Dongwei graduated with a Bachelor’s degree in Agriculture from Northwest A&F University, and went on to do his Masters in Botany at Kunming Institute of Botany (KIB), Chinese Academy of Sciences (CAS) and Graduate University of CAS. He then worked at the Key Laboratory for Plant Diversity and Biogeography of East Asia (KIB, CAS) as a Research Assistant for more than three years, before coming to Trinity to pursue a PhD degree. His early work focused on the population genetics, domestication origin and speciation of tea plants. Currently, Dongwei is undertaking his PhD programme under the supervision of Prof John Parnell and Prof Trevor Hodkinson.
PhD project: Phylogenetics, taxonomy and biogeography of Camellia (Theaceae) in the Indochinese Peninsula.
Tea, camellias and oil camellias have brought huge profits to people worldwide. These plants belong to the genus Camellia. The variable morphological characters of the group make the classification of Camellia very difficult and controversial. Previous monographers of Camellia shaped their views largely based on collections from China. Similarly, using the samples mainly collected in China, subsequent researchers investigated the molecular phylogeny of Camellia with DNA markers but without yielding a formal classification. Here, species from Indochina, including Cambodia, Laos, Myanmar, Thailand and Vietnam, are added to fill the data gaps of previous studies, to yield a new taxonomic treatment of the group and to infer the origin, evolution and dispersal of Camellia in this area. The species are also reviewed and described to clarify their nomenclatural status, geographic distributions and diagnostic character states.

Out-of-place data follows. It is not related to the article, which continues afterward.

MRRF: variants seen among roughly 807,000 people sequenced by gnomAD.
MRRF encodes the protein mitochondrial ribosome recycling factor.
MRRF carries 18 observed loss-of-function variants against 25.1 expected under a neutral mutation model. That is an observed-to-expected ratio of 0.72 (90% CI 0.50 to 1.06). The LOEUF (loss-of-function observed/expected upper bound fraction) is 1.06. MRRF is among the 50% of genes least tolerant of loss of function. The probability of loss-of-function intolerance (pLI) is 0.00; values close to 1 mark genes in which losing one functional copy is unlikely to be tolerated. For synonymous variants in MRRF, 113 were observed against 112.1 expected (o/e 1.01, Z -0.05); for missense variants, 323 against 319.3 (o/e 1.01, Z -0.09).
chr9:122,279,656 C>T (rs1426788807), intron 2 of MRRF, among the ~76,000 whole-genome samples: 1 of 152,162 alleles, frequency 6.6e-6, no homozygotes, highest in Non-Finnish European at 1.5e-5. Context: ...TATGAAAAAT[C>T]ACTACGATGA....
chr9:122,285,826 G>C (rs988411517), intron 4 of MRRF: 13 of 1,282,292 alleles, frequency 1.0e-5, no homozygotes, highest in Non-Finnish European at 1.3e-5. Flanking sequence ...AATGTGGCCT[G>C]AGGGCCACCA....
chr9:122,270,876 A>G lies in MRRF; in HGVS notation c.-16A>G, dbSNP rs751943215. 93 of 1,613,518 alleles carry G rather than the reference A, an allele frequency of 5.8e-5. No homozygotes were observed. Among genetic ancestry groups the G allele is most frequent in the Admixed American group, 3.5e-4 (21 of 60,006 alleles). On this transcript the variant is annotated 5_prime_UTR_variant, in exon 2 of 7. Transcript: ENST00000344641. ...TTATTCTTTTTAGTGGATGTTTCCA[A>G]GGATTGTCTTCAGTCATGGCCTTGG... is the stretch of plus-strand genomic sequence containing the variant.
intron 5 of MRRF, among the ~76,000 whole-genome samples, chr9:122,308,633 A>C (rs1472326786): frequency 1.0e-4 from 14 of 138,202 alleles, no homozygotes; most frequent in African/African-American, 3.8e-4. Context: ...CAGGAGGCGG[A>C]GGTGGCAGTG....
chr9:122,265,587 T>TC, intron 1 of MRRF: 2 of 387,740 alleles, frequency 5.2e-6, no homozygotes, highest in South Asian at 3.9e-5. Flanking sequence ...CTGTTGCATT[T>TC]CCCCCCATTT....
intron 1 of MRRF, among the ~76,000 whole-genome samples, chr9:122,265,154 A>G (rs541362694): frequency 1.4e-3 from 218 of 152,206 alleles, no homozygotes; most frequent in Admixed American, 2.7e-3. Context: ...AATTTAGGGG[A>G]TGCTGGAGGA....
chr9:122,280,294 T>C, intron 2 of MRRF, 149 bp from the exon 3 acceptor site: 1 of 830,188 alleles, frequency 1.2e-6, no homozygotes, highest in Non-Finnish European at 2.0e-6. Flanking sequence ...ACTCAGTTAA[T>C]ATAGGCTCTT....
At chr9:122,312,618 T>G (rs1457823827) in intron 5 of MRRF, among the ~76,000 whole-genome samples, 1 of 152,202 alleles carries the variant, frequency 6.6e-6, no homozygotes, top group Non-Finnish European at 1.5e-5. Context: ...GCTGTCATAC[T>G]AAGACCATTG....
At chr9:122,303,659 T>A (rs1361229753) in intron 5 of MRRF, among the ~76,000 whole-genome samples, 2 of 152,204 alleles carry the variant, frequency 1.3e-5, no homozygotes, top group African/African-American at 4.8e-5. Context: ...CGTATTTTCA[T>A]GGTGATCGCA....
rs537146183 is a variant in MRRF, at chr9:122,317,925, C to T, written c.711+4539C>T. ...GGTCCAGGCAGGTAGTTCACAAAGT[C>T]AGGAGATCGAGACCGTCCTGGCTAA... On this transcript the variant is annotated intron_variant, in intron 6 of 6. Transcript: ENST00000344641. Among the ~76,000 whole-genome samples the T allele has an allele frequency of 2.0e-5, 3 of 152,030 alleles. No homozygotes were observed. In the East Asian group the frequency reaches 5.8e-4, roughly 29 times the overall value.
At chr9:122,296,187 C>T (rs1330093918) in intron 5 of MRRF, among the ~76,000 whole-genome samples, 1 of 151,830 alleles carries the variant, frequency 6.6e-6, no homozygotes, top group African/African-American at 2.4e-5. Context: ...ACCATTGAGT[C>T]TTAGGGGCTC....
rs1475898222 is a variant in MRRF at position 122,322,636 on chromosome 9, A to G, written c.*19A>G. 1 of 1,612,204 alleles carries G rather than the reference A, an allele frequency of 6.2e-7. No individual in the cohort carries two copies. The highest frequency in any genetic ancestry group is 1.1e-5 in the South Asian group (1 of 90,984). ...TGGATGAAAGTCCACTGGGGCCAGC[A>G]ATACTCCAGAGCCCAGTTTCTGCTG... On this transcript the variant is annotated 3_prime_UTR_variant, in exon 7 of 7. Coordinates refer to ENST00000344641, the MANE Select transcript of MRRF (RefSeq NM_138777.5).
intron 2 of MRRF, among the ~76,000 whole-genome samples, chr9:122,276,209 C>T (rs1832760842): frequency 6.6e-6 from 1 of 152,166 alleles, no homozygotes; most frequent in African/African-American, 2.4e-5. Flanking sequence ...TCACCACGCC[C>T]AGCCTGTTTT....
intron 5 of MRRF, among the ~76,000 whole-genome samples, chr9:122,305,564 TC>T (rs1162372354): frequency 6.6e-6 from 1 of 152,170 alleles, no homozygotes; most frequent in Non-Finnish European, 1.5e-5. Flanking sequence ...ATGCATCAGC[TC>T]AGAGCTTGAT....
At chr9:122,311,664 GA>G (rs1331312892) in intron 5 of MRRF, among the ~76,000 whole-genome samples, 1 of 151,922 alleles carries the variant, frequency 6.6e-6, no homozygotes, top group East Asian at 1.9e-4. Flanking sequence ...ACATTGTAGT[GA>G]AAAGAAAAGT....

Single copy nuclear DNA markers are used in this research to generate a robust phylogenetic tree on which a new classification of Camellia in Indochina is based. Molecular dating analyses are undertaken with fossil calibration points to infer the origin time, evolutionary history and dispersal routes of different clades. Species of Camellia in Indochina are examined, described and discussed with illustrations, distribution maps, nomenclatural notes and a key to them is developed.
Many species of Camellia in Indochina, such as golden/yellow camellias, have been exposed to critical over-exploitation for medicinal or ornamental purposes in their natural habitats. The natural resources of Camellia are of fundamental importance for the breeding of tea, oil camellias and horticultural species and thus require strict protection for their sustainable development. This programme provides the taxonomic framework in the region for such conservation.
This project is funded by the China Scholarship Council / Irish Universities Association Joint Scholarship, and partly supported by grants from the International Association for Plant Taxonomy, the Otomo Endowment Research Fund of the International Camellia Society, the Systematics Research Fund jointly administered by the Linnean Society of London and the Systematics Association, the Graduate Studies Research Travel Fund and the Trinity Trust, the Botany Department and the SYNTHESYS Project financed by European Community Research Infrastructure Action under the FP7 Integrating Activities Programme.
- Zhao DW, Parnell JAN, Hodkinson TR. 2017. Names of Assam tea: Their priority, typification and nomenclatural notes. Taxon 66: 1447–1455.
- Zhao DW, Parnell JAN, Hodkinson TR. 2017. Typification of names in the genus Camellia (Theaceae). Phytotaxa 292: 171–179.
- Zhao DW, Parnell JAN, Dubéarnès A. 2016. Requests for binding decisions on the descriptive statements associated with Thea dormoyana and T. piquetiana. Taxon 65: 1183.
- Zhao DW, Yang JB, Yang SX, Kato K, Luo JP. 2014. Genetic diversity and domestication origin of tea plant Camellia taliensis (Theaceae) as revealed by microsatellite markers. BMC Plant Biology 14: 14.